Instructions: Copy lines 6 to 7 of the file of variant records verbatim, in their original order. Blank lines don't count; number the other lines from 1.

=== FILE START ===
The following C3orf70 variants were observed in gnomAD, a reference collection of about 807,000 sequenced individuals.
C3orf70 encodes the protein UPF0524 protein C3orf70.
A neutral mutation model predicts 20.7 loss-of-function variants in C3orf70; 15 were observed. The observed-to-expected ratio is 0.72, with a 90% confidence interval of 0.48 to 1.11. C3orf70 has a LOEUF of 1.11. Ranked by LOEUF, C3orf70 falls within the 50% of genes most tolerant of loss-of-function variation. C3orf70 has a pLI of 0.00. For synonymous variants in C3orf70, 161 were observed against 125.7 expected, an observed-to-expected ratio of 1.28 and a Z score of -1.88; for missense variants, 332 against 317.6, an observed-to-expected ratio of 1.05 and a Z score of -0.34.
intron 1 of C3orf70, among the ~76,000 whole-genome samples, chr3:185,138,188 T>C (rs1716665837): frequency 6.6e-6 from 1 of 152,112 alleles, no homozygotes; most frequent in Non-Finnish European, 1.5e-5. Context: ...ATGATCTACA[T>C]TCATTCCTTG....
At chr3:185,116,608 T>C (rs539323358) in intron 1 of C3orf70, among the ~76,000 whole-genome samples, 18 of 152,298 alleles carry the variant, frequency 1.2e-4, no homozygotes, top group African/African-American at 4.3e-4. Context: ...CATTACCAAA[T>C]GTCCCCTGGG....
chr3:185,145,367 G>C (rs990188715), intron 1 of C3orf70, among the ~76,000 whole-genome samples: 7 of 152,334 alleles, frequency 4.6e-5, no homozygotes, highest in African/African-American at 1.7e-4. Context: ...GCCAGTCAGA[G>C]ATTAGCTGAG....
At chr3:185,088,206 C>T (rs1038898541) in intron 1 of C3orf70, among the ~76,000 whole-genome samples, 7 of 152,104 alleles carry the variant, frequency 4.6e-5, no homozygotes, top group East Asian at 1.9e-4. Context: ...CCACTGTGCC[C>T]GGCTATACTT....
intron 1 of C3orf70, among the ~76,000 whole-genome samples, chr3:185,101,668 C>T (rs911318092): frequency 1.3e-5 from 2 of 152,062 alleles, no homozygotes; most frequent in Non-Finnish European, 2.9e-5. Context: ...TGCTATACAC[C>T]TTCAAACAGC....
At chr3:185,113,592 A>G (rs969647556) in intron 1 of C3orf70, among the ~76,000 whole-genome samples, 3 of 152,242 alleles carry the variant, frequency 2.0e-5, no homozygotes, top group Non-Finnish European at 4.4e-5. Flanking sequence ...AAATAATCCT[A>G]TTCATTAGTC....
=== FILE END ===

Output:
chr3:185,145,367 G>C (rs990188715), intron 1 of C3orf70, among the ~76,000 whole-genome samples: 7 of 152,334 alleles, frequency 4.6e-5, no homozygotes, highest in African/African-American at 1.7e-4. Context: ...GCCAGTCAGA[G>C]ATTAGCTGAG....
At chr3:185,088,206 C>T (rs1038898541) in intron 1 of C3orf70, among the ~76,000 whole-genome samples, 7 of 152,104 alleles carry the variant, frequency 4.6e-5, no homozygotes, top group East Asian at 1.9e-4. Context: ...CCACTGTGCC[C>T]GGCTATACTT....